Preserving Chillies: Chilli Jam and Drying Chillies at Home
Our chilli plants at home are still going strong, and there's plenty available at the markets – but not for long. This week we're sharing our recipe for everyone's favourite Chilli Jam, as well as tips to adjust heat level, and how to dry excess chillies at home, so you can stock up your pantry and keep your kitchen creations warm (or piping hot!) this winter.
There are over 100 varieties of chillies, which vary widely in flavour as well as in heat intensity, from mild to punishing. Always try your chillies raw before embarking on any chilli recipe, so you know what you're in for, and adjust accordingly.
If you are a real hot-head, leave in the seeds, or throw in a couple of varieties high on the Scoville chart like birds eye, habaneros or Scotch Bonnets. If you want to keep it mild, use long red chillies and remove the seeds, or replace some of the chilli with more onion, capsicum or tomato.
If you messed up and your chilli jam has turned out hotter that you'd like it, you can always make another batch of onion, tomato or capsicum jam, and mix them together to dilute the heat. Just bring it all back up to a boil before jarring up again.
The below chilli jam recipe is easily adaptable to suit your desired level of heat, and can be doubled or halved without a fuss.
(Makes 4 x 300ml jars)
15 0ml vegetable oil 500g onion, thinly sliced
1 t easpoon coriander seeds, toasted and ground
1 t easpoon c umin seeds, toasted and ground
1 kg red chilli e s, thinly sliced
50 0 ml (2 cups) white wine vinegar
750 g caster sugar
Drying chillies at home:
Drying chillies is the best way to preserve any excess, especially if you’ve got a very prolific chilli bush! When the season is at its height, we fill the oven and dehydrator with chillies and make our own chilli flakes and chilli powder to use for the rest of the year. We also dry a few extra to decorate the Christmas tree!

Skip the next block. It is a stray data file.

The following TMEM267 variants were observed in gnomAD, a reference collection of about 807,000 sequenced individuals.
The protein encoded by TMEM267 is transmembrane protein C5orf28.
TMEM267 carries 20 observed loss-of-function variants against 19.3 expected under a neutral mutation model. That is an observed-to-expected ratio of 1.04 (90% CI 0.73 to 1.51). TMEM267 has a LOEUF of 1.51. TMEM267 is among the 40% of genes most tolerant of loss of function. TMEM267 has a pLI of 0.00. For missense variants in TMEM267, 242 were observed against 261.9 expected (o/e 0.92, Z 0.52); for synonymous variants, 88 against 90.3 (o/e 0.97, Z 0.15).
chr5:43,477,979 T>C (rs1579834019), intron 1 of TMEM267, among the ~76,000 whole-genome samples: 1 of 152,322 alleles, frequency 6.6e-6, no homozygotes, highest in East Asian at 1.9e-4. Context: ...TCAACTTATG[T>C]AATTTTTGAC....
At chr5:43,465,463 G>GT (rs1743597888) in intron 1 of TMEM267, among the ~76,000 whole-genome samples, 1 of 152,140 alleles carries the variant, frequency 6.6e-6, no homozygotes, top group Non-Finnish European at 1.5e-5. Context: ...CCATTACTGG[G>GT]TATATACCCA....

If you have a dehydrator, pop whole chillies in overnight and dehydrate following the manufacturer's instructions.
If you’re drying chillies in the oven, cut them in half lengthways, then spread out on a baking tray or a wire rack. If you have a fan-forced oven, press the chilli between two wire racks, then put the racks on a baking tray to stop the chillies moving around. A low and slow oven set to around 50°C will maintain the colour of the chilli, but it can take up to 6 hours or so to dehydrate. If you want to speed up the process, increase the heat to about 110°C and leave the oven door slightly ajar to get some air in there. Keep an eye on the chilli so it doesn’t burn and dehydrate for 1–3 hours depending on the size of the chilli. Bird’s eye chillies will take an hour, while long red chillies will take more than 2 hours.
You need the chillies to be completely dry and brittle before turning into flakes. Allow to cool completely, then either break them up with your hands (wearing gloves!) or blitz them in a coffee or spice grinder into flakes or powder. Store in airtight containers or jars for up to 12 months.
You can also mix equal parts chilli and salt to make a delicious spicy seasoning. Feel free to add extra flavours, such as crushed fennel seeds, dried orange or lemon powder or dried herbs.
If you need inspiration, check out these beautiful images and story about drying chillies in the Gobi desert here